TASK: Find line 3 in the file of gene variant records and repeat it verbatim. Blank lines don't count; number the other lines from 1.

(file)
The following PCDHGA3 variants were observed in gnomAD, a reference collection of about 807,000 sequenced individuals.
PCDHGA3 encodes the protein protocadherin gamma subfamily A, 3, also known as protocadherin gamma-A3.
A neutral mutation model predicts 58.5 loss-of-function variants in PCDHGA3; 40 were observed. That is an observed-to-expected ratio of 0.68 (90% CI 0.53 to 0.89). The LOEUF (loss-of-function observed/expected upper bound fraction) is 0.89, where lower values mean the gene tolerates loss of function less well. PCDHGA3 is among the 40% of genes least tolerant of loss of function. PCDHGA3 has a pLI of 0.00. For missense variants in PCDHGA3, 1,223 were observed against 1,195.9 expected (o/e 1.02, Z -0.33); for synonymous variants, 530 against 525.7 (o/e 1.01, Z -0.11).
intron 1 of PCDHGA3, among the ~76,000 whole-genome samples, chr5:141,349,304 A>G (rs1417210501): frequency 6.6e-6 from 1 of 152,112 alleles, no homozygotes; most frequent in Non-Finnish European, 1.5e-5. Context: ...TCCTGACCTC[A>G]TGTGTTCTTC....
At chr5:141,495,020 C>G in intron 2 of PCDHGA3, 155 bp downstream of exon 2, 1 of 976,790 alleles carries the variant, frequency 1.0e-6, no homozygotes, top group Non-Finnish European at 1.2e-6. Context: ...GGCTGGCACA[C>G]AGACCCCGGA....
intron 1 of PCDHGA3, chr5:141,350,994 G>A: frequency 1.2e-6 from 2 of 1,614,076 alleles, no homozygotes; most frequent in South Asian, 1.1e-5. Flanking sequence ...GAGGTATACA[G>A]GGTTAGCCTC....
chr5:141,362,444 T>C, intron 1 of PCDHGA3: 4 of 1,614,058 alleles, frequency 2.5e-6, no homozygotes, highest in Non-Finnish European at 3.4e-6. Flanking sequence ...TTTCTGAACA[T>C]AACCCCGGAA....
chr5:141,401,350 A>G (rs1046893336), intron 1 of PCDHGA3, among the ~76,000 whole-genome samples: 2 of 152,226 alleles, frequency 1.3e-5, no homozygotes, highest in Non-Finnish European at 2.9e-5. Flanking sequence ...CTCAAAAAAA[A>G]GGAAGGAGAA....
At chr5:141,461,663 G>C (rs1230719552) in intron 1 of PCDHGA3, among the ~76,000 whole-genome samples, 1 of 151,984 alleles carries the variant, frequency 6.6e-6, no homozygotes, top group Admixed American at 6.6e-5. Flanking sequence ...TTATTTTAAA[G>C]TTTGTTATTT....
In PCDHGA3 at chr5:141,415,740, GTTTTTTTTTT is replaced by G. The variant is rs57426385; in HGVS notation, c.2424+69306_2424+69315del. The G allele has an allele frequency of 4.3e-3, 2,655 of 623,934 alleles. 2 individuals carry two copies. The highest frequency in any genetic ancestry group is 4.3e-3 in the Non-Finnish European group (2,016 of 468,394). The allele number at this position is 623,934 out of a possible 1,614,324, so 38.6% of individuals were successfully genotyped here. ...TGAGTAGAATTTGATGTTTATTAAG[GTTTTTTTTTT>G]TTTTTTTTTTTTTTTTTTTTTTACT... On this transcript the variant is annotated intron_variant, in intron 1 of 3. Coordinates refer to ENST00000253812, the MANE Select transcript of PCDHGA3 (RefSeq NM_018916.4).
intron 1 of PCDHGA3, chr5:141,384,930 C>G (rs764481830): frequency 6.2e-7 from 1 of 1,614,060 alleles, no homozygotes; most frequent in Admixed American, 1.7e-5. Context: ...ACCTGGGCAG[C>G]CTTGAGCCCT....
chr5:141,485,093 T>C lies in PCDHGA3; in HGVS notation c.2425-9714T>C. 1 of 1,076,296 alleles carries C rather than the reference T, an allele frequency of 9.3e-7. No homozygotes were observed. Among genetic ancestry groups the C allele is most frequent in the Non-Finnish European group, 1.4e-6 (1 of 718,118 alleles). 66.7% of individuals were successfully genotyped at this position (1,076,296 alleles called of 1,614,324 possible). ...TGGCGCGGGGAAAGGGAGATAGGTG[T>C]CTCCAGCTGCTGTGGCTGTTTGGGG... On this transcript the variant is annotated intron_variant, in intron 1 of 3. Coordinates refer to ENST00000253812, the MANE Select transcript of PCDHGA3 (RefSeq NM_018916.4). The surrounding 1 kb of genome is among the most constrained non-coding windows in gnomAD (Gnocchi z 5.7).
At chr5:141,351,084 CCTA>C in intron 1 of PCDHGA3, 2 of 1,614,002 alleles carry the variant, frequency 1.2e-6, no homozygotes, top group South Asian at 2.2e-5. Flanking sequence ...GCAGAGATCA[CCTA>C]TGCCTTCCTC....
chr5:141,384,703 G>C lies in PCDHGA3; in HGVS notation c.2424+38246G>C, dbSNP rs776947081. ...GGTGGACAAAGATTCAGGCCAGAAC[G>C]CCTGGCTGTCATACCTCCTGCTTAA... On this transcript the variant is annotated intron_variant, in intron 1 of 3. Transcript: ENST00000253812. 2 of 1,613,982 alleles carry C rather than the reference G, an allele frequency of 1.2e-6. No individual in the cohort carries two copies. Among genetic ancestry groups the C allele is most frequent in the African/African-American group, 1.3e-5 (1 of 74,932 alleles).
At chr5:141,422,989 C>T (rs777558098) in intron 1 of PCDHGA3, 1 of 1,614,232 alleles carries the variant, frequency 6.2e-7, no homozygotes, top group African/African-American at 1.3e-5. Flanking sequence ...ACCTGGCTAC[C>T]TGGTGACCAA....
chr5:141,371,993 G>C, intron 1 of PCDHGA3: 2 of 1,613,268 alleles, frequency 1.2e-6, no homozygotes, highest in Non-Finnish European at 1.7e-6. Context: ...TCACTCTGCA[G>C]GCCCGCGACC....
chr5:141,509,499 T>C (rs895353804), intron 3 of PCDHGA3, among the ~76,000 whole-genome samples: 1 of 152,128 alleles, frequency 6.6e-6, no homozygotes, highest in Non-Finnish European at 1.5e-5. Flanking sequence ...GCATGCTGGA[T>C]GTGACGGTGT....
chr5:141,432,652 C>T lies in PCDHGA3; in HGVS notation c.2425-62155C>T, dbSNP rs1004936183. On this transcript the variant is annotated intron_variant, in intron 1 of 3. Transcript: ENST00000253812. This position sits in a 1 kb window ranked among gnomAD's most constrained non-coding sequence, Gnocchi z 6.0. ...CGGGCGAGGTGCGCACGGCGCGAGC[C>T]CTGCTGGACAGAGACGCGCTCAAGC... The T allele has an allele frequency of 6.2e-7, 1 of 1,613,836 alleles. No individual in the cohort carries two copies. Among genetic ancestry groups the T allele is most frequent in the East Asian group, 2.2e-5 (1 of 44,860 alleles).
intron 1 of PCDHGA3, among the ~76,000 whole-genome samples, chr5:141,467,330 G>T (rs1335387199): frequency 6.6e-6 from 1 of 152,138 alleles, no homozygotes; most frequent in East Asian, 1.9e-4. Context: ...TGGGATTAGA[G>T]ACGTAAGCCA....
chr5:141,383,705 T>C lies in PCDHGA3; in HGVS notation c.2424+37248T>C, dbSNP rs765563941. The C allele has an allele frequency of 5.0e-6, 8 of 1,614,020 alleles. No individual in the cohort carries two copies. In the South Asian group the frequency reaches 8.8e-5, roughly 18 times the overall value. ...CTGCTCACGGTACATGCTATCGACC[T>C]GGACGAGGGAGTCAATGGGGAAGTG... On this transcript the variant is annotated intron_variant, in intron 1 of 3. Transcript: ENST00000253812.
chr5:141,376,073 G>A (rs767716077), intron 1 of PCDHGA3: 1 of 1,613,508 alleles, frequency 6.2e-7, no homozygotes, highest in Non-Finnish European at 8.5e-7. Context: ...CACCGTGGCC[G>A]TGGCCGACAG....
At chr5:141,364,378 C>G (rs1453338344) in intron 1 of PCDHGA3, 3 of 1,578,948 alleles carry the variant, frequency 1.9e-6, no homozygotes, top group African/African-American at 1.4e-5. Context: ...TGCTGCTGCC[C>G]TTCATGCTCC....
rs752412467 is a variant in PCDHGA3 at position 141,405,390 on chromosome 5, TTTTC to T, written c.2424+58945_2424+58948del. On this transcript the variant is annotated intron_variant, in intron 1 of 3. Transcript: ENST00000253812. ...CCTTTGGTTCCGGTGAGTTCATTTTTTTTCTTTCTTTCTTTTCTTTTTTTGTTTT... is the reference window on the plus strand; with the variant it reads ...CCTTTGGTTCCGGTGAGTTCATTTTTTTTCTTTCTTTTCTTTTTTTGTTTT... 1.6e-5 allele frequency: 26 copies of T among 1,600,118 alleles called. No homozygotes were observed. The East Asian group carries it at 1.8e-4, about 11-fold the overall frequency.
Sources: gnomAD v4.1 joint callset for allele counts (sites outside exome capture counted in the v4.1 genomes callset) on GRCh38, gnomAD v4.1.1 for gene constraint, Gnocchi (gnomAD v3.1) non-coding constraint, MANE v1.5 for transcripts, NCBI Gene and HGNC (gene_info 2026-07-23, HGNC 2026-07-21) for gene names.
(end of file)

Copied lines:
A neutral mutation model predicts 58.5 loss-of-function variants in PCDHGA3; 40 were observed. That is an observed-to-expected ratio of 0.68 (90% CI 0.53 to 0.89). The LOEUF (loss-of-function observed/expected upper bound fraction) is 0.89, where lower values mean the gene tolerates loss of function less well. PCDHGA3 is among the 40% of genes least tolerant of loss of function. PCDHGA3 has a pLI of 0.00. For missense variants in PCDHGA3, 1,223 were observed against 1,195.9 expected (o/e 1.02, Z -0.33); for synonymous variants, 530 against 525.7 (o/e 1.01, Z -0.11).